Does Gamification Work In Healthcare?
For the past few years, gamification has been a serious buzzword in healthcare. The idea of turning adherence into a game seems like a good one. After all, people love games to the point of mild addiction (think: Pokemon Go).
What if we could channel that dedication and interest into healthy behaviors instead of just slingshotting imaginary rocks at imaginary birds? Supporters of gamification believe this methodology could potentially transform patient outcomes.
And yet, as with any new idea or movement in healthcare, the critics are never far behind. They say gamification makes for a snazzy topic at a health conference, but it can’t deliver sustained behavior change on the scale that its supporters suggest.
So who’s right? Does gamification work in healthcare? Unfortunately, there hasn’t been a comprehensive study that definitively answers this question. (Is there ever?) However there is some existing research that suggests key points. Here’s what we know so far:
Gamification is already widespread in healthcare
An estimated 63% of employer-sponsored wellness programs feature elements of gamification/competition, and 24% are interested in offering such features. And as of 2016, research has identified 64 health apps that include gamification in the National Health Service (NHS) Health Apps Library and top-rated medical, health and wellness apps (defined by Apple and Google Play).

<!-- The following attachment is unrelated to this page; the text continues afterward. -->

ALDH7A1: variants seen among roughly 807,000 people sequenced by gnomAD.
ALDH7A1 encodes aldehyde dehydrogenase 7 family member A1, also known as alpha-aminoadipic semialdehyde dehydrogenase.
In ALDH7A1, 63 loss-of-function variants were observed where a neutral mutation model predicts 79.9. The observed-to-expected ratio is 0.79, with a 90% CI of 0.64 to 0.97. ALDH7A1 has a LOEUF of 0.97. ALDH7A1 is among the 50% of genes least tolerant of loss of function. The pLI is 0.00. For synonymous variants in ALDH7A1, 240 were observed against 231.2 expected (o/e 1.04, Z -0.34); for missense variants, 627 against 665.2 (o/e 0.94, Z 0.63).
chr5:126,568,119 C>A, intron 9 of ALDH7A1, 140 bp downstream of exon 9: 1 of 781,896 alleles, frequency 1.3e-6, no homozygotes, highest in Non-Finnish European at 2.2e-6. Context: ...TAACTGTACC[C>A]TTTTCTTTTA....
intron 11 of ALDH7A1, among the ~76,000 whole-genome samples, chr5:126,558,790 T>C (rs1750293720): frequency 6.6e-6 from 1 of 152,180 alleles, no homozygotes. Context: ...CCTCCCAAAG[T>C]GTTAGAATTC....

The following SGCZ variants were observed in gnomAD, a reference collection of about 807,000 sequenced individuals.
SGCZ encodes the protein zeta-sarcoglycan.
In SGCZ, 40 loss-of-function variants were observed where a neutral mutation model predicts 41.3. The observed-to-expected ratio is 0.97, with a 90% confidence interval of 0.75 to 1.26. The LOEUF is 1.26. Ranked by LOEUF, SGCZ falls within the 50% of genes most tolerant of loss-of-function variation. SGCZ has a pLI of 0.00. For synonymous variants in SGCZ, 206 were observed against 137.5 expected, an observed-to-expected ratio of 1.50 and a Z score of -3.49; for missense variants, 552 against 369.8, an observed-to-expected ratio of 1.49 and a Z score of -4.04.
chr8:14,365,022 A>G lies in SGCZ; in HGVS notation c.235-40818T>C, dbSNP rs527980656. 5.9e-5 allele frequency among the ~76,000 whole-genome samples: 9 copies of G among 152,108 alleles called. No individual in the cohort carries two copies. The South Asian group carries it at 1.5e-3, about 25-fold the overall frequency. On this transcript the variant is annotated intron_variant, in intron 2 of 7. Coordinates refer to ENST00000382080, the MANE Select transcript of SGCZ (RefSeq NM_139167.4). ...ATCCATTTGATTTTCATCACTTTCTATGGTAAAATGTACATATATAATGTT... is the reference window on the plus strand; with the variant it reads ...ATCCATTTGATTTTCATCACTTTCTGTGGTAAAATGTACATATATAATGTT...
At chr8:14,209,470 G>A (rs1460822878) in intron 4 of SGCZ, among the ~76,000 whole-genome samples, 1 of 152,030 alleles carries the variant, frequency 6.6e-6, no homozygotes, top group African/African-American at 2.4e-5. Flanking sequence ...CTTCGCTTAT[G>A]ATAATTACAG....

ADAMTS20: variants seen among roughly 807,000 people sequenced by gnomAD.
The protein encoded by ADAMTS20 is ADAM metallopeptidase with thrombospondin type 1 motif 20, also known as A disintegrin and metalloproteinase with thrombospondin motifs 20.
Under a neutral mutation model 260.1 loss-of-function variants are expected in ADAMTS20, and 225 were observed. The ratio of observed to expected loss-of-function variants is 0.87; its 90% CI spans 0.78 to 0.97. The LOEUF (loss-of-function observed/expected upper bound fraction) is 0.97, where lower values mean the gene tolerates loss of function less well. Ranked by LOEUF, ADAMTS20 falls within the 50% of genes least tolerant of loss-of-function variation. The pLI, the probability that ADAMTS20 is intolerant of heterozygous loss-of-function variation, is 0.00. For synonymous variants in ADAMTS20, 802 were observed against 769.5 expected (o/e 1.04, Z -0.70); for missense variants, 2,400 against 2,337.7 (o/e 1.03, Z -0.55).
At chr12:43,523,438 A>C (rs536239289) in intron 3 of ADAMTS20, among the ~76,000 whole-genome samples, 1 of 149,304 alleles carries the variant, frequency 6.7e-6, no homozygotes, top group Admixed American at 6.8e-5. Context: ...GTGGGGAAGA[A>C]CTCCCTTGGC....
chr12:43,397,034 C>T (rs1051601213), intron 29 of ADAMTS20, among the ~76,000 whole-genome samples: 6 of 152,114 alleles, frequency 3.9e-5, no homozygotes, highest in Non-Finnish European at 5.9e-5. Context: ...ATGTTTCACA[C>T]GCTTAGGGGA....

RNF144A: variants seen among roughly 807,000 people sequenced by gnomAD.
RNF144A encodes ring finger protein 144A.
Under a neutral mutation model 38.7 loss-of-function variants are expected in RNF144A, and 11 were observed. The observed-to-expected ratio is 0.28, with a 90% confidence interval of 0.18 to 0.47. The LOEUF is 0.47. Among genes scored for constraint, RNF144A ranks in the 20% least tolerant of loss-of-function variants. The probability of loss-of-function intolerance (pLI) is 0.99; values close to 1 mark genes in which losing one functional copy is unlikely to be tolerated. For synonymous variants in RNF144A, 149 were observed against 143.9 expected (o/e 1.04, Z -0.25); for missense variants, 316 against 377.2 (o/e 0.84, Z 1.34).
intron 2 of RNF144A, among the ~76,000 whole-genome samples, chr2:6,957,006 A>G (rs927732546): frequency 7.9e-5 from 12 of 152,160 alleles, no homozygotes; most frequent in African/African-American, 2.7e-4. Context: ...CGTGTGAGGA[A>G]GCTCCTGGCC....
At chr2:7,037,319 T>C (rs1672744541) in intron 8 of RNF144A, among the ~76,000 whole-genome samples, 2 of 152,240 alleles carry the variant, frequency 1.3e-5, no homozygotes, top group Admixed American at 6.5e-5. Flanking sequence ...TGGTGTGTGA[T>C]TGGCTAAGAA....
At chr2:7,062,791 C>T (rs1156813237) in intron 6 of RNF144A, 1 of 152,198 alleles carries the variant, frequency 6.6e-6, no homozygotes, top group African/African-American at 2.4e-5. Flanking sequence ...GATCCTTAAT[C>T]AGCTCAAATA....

But it lacks standardization
Despite all of these apps, programs and gamified services, there is no universally recognized model for effective gamification. Some programs use badges, others incorporate points, and even more try a team-based approach to drive stickiness. Although the gaming industry has developed certain guidelines, such as protecting personal data, the world of gamified health products operate in a bit of leadership vacuum.
It seems to work well for behavioral health
One study from 2014 examined the efficacy of gamification on adults with anxiety. The researchers found that participants who played a 40-minute game were able to reduce their anxiety considerably. Interestingly, participants who played only a 20-minute version of the same game did not see the same results. Another study reported similar results around reduction of perceived pain after using a gamified health app. And speaking of Pokemon Go, one study even found players of the game to be more positive, friendly, and physically active.
Yet more research is needed for other conditions
Among the studies and research done on this topic, there was one consistent theme that ran through them—more research is needed. Until that research is published, we’ll need to keep exploring the pros and cons of gamification as it relates to health outcomes.
This article is not intended to substitute for informed medical advice. You should not use this information to diagnose or treat a health problem or condition. Always check with your doctor before changing your diet, altering your sleep habits, taking supplements, or starting a new fitness routine.